My mom and dad lived with my husband and me for about five years. Mom had been diagnosed with Alzheimer’s, and my 75 year-old father couldn’t care for Mom’s needs on his own.
One of the hardest things for Dad to understand was that he couldn’t talk to Mom the same way anymore.
Her mental capacities were slowly regressing. And the situation was complicated by my father’s Asbergerger’s. He simply didn’t understand why talking to Mom a certain way was no longer appropriate.
Actually, many people have a hard time understanding this about dementia. So here are a few suggestions.
1. Facial expression and tone are often more important than what you say.
People with dementia are highly intuitive. They can be easily agitated if they sense frustration in others. Speak in a mediated, even tone. Smile. Think about the way a kindergarten teacher would speak to a frightened child and you’ll get the point.
I often told people that I could quote the phone book to my mother to calm her as long as I spoke kindly and calmly. For a number of years, she lived in a state of mental agitation and fear, and it was difficult to maintain a calm demeanor, but it was crucial to offer her comfort, no matter how I felt.
2. Learn how to enter into your loved one’s reality.
Because of my father’s Asberger’s, his responses to Mom were often literal and reality-based. But caregivers must learn to look below the surface. For instance, yes, my mother might be asking to go home to her mother, but telling Mom that her mother was dead wasn’t a good answer.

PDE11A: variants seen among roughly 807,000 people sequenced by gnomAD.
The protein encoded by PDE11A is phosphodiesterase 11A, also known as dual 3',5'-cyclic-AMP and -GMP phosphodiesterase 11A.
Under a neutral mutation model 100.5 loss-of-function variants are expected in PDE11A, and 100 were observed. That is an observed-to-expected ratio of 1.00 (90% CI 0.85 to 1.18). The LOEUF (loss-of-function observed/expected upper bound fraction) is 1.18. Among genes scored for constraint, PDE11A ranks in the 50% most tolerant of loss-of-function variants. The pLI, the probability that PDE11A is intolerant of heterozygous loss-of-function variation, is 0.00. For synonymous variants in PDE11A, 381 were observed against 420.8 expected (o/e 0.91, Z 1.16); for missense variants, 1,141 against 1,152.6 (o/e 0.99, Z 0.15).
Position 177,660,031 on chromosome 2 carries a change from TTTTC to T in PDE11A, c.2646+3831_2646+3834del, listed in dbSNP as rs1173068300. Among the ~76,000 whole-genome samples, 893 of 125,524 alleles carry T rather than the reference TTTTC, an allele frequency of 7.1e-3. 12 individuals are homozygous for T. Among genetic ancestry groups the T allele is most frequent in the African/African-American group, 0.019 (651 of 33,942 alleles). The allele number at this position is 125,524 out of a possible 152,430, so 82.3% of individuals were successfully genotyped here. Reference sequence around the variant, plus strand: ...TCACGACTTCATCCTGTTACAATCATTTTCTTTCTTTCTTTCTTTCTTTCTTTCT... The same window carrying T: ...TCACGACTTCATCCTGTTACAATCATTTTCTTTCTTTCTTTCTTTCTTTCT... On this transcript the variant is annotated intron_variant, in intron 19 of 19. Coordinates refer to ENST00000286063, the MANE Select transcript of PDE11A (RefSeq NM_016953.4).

My mother needed diversion and comfort for her troubled mind. Mom lived in a state of delusion, where the real world no longer existed. Sometimes I had to respond to her there first, then draw her into a new activity.
For instance, “I’m so sorry that you can’t find your mother. Can you tell me about her?” Then I would ask her to join me folding towels or peeling boiled eggs or in some other simple task.
3. Don’t ask you loved one for information. Provide it for them.
For instance, when entering a room, I’d often say, “Hi, Mom, it’s Shelly, your daughter.”
Or when people came to visit, I’d always say, “Mom, this is Nathan your grandson and his wife Allison. They brought their two baby boys Gabe and Liam.” This way Mom was relieved of the pressure of having to remember people and events.
TELL them things and allow them to chime in as they feel comfortable. Don’t correct them if their responses aren’t “right.” Right and wrong no longer are important, in the same way that they wouldn’t be if a five year-old was interacting with adults.
4. Speak clearly and slowly in short sentences, and give your loved one time to respond.
Make eye contact and offer simple choices. Use body language to reassure them.
The most important thing is to help those with dementia feel loved and included, just for being themselves.
More tips are included in the appendices of Ambushed by Grace: Help and Hope on the Caregiving Journey.